Tulips & Ballerinas (Or, The Power of the Word)
The first time I read e. e. cummings it was a fall afternoon in an English classroom. Sixth grade, during the poetry unit. I was assigned to research Christina Rossetti while my best friend was assigned Edward Estlin Cummings (e. e. cummings, Ms. Martin said, he always spelled his name in lowercase). It was “i carry your heart with me,” which tends to be the most well known and touted of his works these days. While it is a beautiful poem which encapsulates all the hallmarks of Cummings’ style — intentional disregard of spelling and punctuation, imagery derived from using words incorrectly, and an affinity for parentheses — it only scratches the surface of Cummings’ capabilities and all he accomplishes with them.
A Harvard alum, Cummings became involved in the first World War in 1917, and was drafted into the army the following year. His debut novel, The Enormous Room, was informed by his military experience and his detainment in France. He would follow with the poetry collection Tulips & Chimneys, a collection in which Cummings has as much fun with language as he did in his letters during the war (to alleviate boredom Cummings and his friend William Slater Brown often wrote letters specifically designed to provoke French censors, which led to their detainment). At 179 works, Tulips & Chimneys is a labyrinth of metaphor and scattered letters that refuse to conform to any kind of linguistic rule — and that’s saying a lot, considering this is poetry. Poetry is one of the most malleable forms of writing. Its very existence stands in accordance with emotion and in denial of grammar rules like subject-object sentences and proper paragraphs, but Cummings takes it to the next level. In Tulips & Chimneys, he explores as many poetic styles as he can, from structured, classical sonnets to the jumbled, magical mess which Cummings became known for. “Of Nicolette” in the “Tulips” chapter is one of the first works in the book, and is much in keeping with the typical Cummings hallmarks. The final verse reads:
shunning the sudden moonbeam’s treacherous snare
she sought the harbouring dark,and(catching up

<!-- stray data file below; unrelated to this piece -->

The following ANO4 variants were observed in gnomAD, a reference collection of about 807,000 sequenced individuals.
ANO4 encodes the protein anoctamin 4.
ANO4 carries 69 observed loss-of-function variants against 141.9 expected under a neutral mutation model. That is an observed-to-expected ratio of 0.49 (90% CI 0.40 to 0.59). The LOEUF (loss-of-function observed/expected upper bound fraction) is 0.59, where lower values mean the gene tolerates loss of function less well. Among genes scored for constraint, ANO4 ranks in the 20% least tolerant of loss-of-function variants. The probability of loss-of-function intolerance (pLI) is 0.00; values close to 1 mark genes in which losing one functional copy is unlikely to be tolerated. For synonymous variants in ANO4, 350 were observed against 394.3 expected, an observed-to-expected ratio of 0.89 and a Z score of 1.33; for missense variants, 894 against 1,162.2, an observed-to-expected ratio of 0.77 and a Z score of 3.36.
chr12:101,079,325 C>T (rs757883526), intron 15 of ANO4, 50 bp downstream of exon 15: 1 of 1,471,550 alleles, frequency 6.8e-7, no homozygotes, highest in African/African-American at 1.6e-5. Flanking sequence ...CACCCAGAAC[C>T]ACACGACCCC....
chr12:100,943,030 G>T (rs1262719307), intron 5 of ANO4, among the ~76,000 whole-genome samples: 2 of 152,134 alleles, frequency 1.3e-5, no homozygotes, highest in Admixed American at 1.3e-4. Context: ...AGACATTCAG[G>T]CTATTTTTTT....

her delicate silk)all white,with shining feet
went forth into the dew:right wildly beat
her heart at every kiss of daisy-cup,
and from her cheek the beauteous colour went
with every bough that reverently bent
to touch the yellow wonder of her hair. (Cummings 9)
His collection of “Impression” poems, also in “Tulips,” detail just that: impressions of people, places, things, and sensations. “Impression X,” a personal favorite, gives Cummings a chance to flex his deftness with imagery and descriptive language:
As Cummings entrenches himself deeper in his own morphology, his poems become bolder. They demand more — more space on a page, more movement than one’s eyes are prepared for, and above all, more thinking. The words retain the same soul, but their use and presentation is such that it requires the reader to work for comprehension. It’s almost like relearning how to read. “&: Seven Poems I” from the “N” chapter encapsulates this best.
The absurdity of Cummings’ linguistics coupled with his heightened imagery creates a level of intimacy for the reader unlike anything else. The only writings similar to Cummings’ works are other works of his, and that singularity allows reading him to feel very secret and special. This also allows him to explore universal emotions such as love, sex, death, hope, and leisure in a manner that feels uniquely suited to the reader. Piecing together his words in one’s head and connecting to the heart underneath is akin to picking a lock; connecting each tiny infraction against linguistics to find a core which feels more enlightened than anything grammatically sound could achieve.
It was far too late on a school night the first time I listened to Kanye West.
I was a 19-year-old college freshman in her second term who’d spent the fall in complete isolation. Going back home and not coming back had been a real possibility. It stands to reason, then, that my first Kanye West album would have been The College Dropout, his 2004 debut which made an instant impression for its skewering of educational systems, its contagious hooks, and its simultaneous admiration for and defiance of the rap genre. His first was not my first, however. It was his fifth. After a long period of cranking out classic albums and topping the charts with songs like “Stronger” and “Heartless,” Kanye interrupted Taylor Swift’s acceptance speech for Best Female Video at the 2009 VMAs, and became universally hated in an instant. The controversy and bad press lead him to isolate himself in Hawaii, where he confronted the crossroads he’d reached as an artist and a person. Two roads diverged in a wood: the man reflected in the eyes of every college dropout, or the monster who robbed Taylor of her time to shine. The man or the monster. Kanye took neither route, and emerged in 2010 with his opus: My Beautiful Dark Twisted Fantasy.